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    Passengers are silhouetted against a window at the Germanwings check-in desk at Dusseldorf airport March 24, 2015.

    Germanwings Investigation to Impact Pilot Mental Health Monitoring

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    The conclusions reached from the investigation into the fatal Germanwings plane crash will provide airlines with information to reassess their approach to monitoring the mental health of pilots, International Air Transport Association (IATA) Director General Tony Tyler stated on Monday.

    MIAMI (Sputnik) – On March 24, 2015, a Germanwings Airbus flying from Barcelona to Dusseldorf crashed in a remote area of the French Alps killing all 150 people on board. According to information from the plane’s black boxes, co-pilot Andreas Lubitz deliberately crashed the plane after locking the pilot out of the cockpit.

    “Safety is the focus of aviation professionals, but there is no immunity to mental health issues. The investigation conclusions will help airlines and regulators to look again at the balance needed to monitor mental health,” Tyler said during the annual IATA general meeting in Miami.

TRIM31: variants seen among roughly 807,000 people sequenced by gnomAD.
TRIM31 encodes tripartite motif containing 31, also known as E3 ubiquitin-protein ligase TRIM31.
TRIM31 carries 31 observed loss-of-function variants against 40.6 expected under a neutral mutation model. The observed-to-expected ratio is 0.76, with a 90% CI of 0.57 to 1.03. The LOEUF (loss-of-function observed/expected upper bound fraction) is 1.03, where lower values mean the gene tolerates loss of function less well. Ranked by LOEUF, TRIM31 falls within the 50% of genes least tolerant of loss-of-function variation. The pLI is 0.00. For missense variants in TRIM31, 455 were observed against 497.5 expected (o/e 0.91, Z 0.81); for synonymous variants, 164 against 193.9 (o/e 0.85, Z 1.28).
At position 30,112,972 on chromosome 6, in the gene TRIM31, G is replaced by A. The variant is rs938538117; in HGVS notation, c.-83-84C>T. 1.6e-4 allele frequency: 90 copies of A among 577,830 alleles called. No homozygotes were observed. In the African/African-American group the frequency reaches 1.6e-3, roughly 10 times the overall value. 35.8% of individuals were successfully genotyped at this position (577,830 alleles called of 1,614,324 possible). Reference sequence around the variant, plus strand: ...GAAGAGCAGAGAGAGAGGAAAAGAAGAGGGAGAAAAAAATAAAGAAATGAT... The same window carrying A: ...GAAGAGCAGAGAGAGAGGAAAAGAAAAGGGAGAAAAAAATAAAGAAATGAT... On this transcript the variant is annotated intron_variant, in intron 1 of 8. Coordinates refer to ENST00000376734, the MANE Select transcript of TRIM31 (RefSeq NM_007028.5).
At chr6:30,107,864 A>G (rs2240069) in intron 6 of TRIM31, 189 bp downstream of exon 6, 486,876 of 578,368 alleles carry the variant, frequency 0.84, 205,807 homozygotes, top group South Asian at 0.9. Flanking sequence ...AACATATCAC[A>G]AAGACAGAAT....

Tyler called the Germanwings 9525 crash a "deliberate and horrible act by one of our own."

    Lubitz was known to have undergone psychological treatment in 2009 while in training at Germanwings' parent-company Lufthansa's flying school. Intermittent bouts of depression caused him to suspend his training in 2008. Lubitz went on to train at Lufthansa's flight school in Arizona after his reinstatement.

    Following the crash, investigators found a ripped up doctor's note saying Lubitz was unfit to work. His computer showed a web search history that included searches for cockpit doors and methods of committing suicide.

    IATA is the trade association representing more than 250 airlines around the globe.

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    crash, health, pilots, IATA, Germanwings, Andreas Lubitz
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